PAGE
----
I have always loved make-up. Obsessively watching beauty gurus on YouTube, awkwardly teaching myself to contour (I’m still learning), feeling that rush of excitement at getting my first Chanel red lip-stick and, yes, some questionable years of blue eyeliner experiments…make-up is, for better or worse, a big and valued part of my life. But, however enjoyable a hobby, make-up is not necessary.
I have been tip-toeing around the subject of cruelty free beauty products for a while now. It won’t take long for you to find online campaigns, many of which are fronted and supported by prominent beauty bloggers, urging people to evaluate the products they buy and ensure that animal testing has not been involved. I consider myself opposed to any form of unnecessary cruelty towards animals, and, therefore, against animal testing by default. While my initial reaction to this online activism was positive, I knew animal testing was illegal within the EU and so I assumed my own particular shopping habits were safe from any practices of cruelty. This, I discovered after a little online digging, was far from the case.
The process of uncovering how ethical a brand truly is can be extremely complex. While products which we buy here in the UK are required by EU law to be free from animal testing, that does not mean that the companies which own the brands must also follow a certain standard of ethics. Companies such as Nars and Urban Decay make claims about the cruelty free practices but are in fact owned by larger corporations such as L’Oreal who do test on animals. Information can be difficult to find on common drugstore make-up and often companies will claim to be free from animal testing ‘unless required by law’. This means trading with countries such as China has been prioritised above animal welfare. This information is nowhere near as transparent as it should be and, for those who wish to change their shopping habits, seeking the correct information can be pretty darn stressful.
This article is not referring to the animal testing of medical products which is part of a wider and far more complicated conversation of ethics. But cosmetics are items which we unambiguously do not need and so the discussion as to whether animals should suffer as a result of the consumption of these products is far more straight-forward: they shouldn’t. Personally, I see nothing hypocritical in moving towards cruelty free cosmetics even if you’re not vegetarian or vegan (though it’s great if you are). I’m neither but I can live without eyeliner if the alternative costs the life of animals.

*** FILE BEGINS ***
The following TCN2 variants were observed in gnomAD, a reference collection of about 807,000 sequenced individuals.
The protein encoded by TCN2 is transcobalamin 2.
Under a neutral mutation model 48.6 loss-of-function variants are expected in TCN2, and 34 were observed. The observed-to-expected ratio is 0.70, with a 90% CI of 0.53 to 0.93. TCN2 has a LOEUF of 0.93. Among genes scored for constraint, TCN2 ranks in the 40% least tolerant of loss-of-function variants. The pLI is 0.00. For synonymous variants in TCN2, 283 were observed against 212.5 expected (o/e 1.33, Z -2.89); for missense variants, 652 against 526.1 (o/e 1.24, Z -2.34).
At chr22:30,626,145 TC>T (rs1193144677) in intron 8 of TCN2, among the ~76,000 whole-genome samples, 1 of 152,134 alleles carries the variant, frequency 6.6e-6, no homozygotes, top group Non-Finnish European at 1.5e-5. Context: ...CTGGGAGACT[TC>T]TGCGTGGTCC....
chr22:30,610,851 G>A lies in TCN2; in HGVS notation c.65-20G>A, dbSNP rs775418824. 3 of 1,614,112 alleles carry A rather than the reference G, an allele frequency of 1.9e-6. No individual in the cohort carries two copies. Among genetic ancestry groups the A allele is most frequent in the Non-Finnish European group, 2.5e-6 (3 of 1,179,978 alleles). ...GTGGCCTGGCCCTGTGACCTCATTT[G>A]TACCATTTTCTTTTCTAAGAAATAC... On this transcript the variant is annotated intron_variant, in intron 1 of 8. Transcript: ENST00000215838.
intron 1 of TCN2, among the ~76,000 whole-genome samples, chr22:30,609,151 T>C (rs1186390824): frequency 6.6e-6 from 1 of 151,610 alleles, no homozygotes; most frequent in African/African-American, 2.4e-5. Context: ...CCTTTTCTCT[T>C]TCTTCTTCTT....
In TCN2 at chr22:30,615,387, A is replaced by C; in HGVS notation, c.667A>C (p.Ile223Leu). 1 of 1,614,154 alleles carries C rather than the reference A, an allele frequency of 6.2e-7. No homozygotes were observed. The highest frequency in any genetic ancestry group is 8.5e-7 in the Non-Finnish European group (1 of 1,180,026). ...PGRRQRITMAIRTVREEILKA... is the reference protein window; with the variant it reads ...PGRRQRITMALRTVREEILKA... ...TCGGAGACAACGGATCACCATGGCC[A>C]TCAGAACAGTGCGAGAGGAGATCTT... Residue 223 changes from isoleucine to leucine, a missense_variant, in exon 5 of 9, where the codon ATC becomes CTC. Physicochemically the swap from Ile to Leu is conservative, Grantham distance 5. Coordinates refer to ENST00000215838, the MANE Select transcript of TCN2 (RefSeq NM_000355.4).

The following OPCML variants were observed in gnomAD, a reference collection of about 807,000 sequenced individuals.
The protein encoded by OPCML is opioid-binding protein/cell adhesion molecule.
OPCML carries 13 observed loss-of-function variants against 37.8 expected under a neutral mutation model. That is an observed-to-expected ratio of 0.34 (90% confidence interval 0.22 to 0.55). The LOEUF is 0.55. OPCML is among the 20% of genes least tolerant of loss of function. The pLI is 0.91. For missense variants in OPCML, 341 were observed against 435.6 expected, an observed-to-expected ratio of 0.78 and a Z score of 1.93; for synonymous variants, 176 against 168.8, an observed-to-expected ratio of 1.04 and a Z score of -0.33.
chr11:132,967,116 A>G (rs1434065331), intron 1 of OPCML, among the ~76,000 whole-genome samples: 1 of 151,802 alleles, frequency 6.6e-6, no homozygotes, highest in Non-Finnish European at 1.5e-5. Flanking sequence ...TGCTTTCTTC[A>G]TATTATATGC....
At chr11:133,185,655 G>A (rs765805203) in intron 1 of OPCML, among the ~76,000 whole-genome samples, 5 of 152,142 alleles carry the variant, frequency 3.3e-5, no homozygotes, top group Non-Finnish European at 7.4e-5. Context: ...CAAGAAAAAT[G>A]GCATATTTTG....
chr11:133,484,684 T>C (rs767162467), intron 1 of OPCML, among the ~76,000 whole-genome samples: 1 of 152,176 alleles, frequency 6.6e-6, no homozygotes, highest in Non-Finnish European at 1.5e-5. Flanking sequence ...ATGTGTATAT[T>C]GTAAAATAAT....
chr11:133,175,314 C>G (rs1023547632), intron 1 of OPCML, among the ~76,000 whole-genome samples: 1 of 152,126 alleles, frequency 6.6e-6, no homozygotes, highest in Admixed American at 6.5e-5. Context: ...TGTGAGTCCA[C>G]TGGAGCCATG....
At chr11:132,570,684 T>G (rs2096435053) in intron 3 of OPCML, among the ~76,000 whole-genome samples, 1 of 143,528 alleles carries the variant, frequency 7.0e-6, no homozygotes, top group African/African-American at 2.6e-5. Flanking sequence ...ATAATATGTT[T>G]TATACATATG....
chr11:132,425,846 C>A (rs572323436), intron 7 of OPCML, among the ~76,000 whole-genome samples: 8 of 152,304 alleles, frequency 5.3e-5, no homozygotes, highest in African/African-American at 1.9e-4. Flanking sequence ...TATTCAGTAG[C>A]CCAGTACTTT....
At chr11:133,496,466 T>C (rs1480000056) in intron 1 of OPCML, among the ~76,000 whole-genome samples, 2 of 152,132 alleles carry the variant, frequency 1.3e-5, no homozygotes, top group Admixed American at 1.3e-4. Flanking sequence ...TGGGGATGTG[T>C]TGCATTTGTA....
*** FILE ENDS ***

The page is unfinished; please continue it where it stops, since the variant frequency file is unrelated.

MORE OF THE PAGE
I think the problem with the discussion surrounding animal testing is that there are few who may disagree with my sentiments above but there are many who feel, understandably, unable to make the necessary changes. I’m not speaking from a position of self-righteous know-how. I can offer what evidence and information I have managed to discover but I myself am only at the beginning of changing my attitude towards make-up retail. I don’t think there is fairness in shaming people for the products they buy, especially as most people are ignorant to the corporate trails which lead to the cruelty in the first place. Small prints and misleading company claims often result in people presuming that the products they buy are cruelty free when in reality the company have a carefully concealed track record of animal abuse.
Below are a list of useful blogs and websites which I’ve been using to help me when I shop. Does this mean throwing away my current make-up? No, use what you have and start trying new products next time you shop. It’s a complicated, frustrating system but, if we avoid the guilty companies and vote with our money, we can campaign for animal welfare while still enjoying a good red lipstick.
Useful blogs and websites:
[Tara Fitzpatrick – @TFitzpatrick25]